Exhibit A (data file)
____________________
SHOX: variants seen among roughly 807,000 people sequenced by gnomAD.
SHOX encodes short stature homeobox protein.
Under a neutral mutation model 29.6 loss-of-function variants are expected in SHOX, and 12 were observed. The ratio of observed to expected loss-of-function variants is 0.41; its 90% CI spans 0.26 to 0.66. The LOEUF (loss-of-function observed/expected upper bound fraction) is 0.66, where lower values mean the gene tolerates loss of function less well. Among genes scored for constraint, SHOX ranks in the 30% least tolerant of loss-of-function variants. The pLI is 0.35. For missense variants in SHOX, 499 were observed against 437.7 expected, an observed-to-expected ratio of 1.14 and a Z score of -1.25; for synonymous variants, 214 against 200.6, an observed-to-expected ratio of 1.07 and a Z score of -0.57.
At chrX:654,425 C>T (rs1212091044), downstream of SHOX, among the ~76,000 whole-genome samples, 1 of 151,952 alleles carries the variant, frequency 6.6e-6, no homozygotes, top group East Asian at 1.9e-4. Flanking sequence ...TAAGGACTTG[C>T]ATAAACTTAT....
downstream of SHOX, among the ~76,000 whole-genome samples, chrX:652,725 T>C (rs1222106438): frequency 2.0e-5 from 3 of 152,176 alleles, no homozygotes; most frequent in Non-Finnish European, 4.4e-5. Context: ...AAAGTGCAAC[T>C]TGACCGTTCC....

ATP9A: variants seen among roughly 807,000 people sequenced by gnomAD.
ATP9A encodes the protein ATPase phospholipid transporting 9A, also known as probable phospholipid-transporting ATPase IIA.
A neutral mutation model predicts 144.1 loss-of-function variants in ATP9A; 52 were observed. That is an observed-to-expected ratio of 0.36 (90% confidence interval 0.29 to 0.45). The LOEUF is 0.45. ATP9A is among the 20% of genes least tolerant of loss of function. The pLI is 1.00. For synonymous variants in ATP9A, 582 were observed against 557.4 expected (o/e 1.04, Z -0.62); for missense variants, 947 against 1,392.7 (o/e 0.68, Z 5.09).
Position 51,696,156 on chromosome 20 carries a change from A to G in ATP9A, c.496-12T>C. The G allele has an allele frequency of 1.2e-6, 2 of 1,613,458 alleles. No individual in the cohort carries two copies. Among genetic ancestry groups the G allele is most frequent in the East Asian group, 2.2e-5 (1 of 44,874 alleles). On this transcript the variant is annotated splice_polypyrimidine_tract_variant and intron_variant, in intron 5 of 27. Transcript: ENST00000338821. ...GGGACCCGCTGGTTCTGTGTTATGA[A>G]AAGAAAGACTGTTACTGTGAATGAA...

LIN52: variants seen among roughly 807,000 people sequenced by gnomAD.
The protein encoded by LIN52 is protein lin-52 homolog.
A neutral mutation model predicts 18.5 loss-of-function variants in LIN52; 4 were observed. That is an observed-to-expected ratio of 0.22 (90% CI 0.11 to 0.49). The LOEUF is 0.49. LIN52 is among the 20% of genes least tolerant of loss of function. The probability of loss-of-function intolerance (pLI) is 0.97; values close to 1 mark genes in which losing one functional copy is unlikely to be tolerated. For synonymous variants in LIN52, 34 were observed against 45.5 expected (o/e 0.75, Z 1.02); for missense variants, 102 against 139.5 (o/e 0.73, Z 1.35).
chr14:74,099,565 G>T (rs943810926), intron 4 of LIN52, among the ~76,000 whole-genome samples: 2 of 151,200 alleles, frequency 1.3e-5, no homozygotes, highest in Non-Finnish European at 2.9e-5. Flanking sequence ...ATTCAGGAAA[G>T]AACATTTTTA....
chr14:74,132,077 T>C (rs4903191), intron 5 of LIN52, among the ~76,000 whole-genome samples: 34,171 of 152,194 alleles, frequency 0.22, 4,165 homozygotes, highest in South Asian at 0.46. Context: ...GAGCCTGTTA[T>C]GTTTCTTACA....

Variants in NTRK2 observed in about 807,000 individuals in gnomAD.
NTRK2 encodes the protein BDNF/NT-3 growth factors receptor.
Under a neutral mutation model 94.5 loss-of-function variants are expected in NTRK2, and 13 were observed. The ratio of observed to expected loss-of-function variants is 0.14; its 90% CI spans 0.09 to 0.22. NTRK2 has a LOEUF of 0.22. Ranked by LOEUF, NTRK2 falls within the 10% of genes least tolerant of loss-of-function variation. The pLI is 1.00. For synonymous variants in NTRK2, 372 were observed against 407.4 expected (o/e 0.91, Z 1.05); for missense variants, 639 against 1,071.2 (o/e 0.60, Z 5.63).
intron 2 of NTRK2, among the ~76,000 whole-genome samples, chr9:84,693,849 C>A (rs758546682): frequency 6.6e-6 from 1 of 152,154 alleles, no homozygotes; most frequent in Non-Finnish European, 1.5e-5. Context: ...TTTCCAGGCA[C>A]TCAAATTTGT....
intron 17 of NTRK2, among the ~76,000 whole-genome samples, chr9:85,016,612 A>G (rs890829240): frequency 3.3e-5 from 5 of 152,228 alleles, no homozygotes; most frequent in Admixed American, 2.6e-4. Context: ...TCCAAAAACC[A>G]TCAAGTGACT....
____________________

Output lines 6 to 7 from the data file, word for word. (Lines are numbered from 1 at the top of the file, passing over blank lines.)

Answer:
ATP9A: variants seen among roughly 807,000 people sequenced by gnomAD.
ATP9A encodes the protein ATPase phospholipid transporting 9A, also known as probable phospholipid-transporting ATPase IIA.